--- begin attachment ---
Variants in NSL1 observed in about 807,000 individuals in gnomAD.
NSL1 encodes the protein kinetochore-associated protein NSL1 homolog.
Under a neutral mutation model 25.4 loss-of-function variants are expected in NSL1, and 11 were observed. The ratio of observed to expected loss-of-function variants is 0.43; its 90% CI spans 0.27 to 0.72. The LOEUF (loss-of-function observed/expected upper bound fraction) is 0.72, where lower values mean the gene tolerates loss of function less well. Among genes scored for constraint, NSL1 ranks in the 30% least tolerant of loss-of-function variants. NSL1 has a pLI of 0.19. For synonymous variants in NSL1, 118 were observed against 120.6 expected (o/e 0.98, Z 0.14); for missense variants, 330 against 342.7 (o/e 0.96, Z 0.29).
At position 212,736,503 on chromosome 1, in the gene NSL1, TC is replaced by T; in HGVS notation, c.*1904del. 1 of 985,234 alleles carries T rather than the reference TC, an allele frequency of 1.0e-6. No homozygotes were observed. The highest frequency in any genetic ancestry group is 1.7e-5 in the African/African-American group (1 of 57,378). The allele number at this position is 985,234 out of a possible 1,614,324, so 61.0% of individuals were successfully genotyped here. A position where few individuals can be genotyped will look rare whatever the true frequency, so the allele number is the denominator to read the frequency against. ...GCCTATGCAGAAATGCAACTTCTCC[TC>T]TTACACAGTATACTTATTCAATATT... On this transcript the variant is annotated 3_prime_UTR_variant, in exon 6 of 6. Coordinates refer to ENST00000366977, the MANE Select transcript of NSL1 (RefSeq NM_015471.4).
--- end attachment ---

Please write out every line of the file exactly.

Variants in NSL1 observed in about 807,000 individuals in gnomAD.
NSL1 encodes the protein kinetochore-associated protein NSL1 homolog.
Under a neutral mutation model 25.4 loss-of-function variants are expected in NSL1, and 11 were observed. The ratio of observed to expected loss-of-function variants is 0.43; its 90% CI spans 0.27 to 0.72. The LOEUF (loss-of-function observed/expected upper bound fraction) is 0.72, where lower values mean the gene tolerates loss of function less well. Among genes scored for constraint, NSL1 ranks in the 30% least tolerant of loss-of-function variants. NSL1 has a pLI of 0.19. For synonymous variants in NSL1, 118 were observed against 120.6 expected (o/e 0.98, Z 0.14); for missense variants, 330 against 342.7 (o/e 0.96, Z 0.29).
At position 212,736,503 on chromosome 1, in the gene NSL1, TC is replaced by T; in HGVS notation, c.*1904del. 1 of 985,234 alleles carries T rather than the reference TC, an allele frequency of 1.0e-6. No homozygotes were observed. The highest frequency in any genetic ancestry group is 1.7e-5 in the African/African-American group (1 of 57,378). The allele number at this position is 985,234 out of a possible 1,614,324, so 61.0% of individuals were successfully genotyped here. A position where few individuals can be genotyped will look rare whatever the true frequency, so the allele number is the denominator to read the frequency against. ...GCCTATGCAGAAATGCAACTTCTCC[TC>T]TTACACAGTATACTTATTCAATATT... On this transcript the variant is annotated 3_prime_UTR_variant, in exon 6 of 6. Coordinates refer to ENST00000366977, the MANE Select transcript of NSL1 (RefSeq NM_015471.4).